Labor MP Stephen Jones holds the seat of Throsby with a margin of 12.1 per cent, but a large field of candidates could chip away at this lead at tomorrow's election.
The former union boss won his seat outright in 2010 with 50.5 per cent of the primary vote, despite a 7.7 per cent swing away from Labor.
The Throsby representative spent his first term in government as one of the 43rd Parliament's most vocal MPs, addressing a number of controversial issues in his many speeches.
He made waves last year for putting up a private member's bill to legalise same-sex marriage, and then gained widespread support earlier this year when he put forward a bill to ban the advertising of odds during live sports events.
"I always said that I was going to be an MP that was going to take a stand on issues, even if they were tough ones," Mr Jones said.
"I've got a combination of bouquets and brickbats for it, but I think at the end of the day people would have to agree I was willing to take a tough stand on things."
Mr Jones will face a strong Coalition contest on the ballot paper tomorrow, as Nationals' celebrity candidate Gary "Angry" Anderson and Liberal Party newcomer Larissa Mallinson both contest the seat.
Throsby is one of just 10 electorates out of the 150 nationwide to have a three-cornered contest.
In 2010, then Liberal candidate Juliet Arkwright gained 30.31 per cent of the primary vote, while the then Nationals' hopeful Alan Hay gained 5.32 per cent.
Shellharbour Greens councillor Peter Moran will again contest Throsby for his party, after he won 11.9 per cent of the vote in the 2010 election.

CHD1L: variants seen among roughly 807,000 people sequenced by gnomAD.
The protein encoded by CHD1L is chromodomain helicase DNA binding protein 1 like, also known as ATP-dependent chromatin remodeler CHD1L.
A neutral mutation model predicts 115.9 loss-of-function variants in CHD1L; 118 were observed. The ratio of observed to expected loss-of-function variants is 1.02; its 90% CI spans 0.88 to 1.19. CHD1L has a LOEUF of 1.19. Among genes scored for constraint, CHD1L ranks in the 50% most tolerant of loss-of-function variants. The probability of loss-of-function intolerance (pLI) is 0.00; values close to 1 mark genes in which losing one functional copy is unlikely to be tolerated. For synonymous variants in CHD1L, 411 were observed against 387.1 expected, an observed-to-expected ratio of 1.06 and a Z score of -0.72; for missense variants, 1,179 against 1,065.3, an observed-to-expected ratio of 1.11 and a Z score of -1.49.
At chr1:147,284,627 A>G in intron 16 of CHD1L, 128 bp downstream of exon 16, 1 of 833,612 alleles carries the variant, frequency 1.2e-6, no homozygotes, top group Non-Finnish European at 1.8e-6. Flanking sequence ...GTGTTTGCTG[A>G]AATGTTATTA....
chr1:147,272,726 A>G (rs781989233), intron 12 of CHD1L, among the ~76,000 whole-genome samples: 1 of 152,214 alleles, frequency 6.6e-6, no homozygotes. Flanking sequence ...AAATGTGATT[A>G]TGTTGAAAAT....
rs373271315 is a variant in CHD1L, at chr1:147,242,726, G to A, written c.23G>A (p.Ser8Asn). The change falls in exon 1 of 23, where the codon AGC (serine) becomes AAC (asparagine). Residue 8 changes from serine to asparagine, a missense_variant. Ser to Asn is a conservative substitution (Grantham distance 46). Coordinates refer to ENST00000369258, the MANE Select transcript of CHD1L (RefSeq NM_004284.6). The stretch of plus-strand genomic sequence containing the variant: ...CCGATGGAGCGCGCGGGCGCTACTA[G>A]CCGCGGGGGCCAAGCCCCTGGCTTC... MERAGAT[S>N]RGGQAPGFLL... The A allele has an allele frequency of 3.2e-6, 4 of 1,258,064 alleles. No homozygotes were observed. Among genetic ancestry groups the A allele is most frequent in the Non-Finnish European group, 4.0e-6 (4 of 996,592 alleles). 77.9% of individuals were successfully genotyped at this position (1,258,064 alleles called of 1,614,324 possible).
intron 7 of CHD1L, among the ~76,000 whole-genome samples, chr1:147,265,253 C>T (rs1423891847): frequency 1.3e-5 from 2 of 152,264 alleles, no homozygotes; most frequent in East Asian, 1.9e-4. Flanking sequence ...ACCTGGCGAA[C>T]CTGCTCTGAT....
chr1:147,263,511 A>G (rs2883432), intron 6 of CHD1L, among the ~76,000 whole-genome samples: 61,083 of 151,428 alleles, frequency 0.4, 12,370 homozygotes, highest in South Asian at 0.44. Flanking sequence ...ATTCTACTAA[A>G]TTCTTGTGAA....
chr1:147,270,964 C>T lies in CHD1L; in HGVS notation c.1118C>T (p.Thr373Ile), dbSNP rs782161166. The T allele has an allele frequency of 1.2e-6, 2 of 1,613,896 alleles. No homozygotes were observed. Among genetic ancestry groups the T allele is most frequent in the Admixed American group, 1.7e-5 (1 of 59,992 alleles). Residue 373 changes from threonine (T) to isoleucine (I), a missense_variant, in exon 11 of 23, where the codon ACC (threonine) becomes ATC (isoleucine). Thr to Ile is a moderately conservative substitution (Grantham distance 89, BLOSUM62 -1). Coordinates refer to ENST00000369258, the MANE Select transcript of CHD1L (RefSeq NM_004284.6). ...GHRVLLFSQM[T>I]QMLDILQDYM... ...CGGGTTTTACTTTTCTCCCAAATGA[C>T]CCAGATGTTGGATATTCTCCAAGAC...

Also appearing on tomorrow's ballot paper - one of the largest in Australia - are Palmer United Party's May King, Christian Democrat John Kadwell, Democratic Labour Party representative Brian Boulton, the Non-Custodial Parents Party's Wayne Hartman, independent Paul Matters, and Elrond Veness from the Bullet Train for Australia Party.
The electorate of Throsby covers a diverse cross-section of the Illawarra and Southern Highlands, taking in Port Kembla, Warilla, Albion Park and Dapto as well as Robertson, Moss Vale, Bowral and Mittagong in its 1422 square kilometres.
At July 31, there were 97,246 people enrolled to vote in the electorate.
Throsby has been in Labor's hands since it was created in 1984, with Colin Hollis holding it for 17 years and former Australian Council of Trade Union president Jennie George holding it from 2001 until she retired in 2010.
As the election approaches, Mr Jones said his priorities for Throsby remained Labor's "bread and butter issues" of infrastructure, education and health.
This is evident in his long list of costed promises for Throsby, which includes $50 million to attract private investment in the Maldon-Dombarton freight rail line, a number of community jobs grants and more than $5 million for schools and trade training centres.
Ms Mallinson said she did not believe Labor had the money to spend on the freight rail line, but said she had been fighting for better sporting facilities in her electorate since being pre-selected last October.
She said she supported the Home of Football complex, to which Labor had pledged $7.4 million.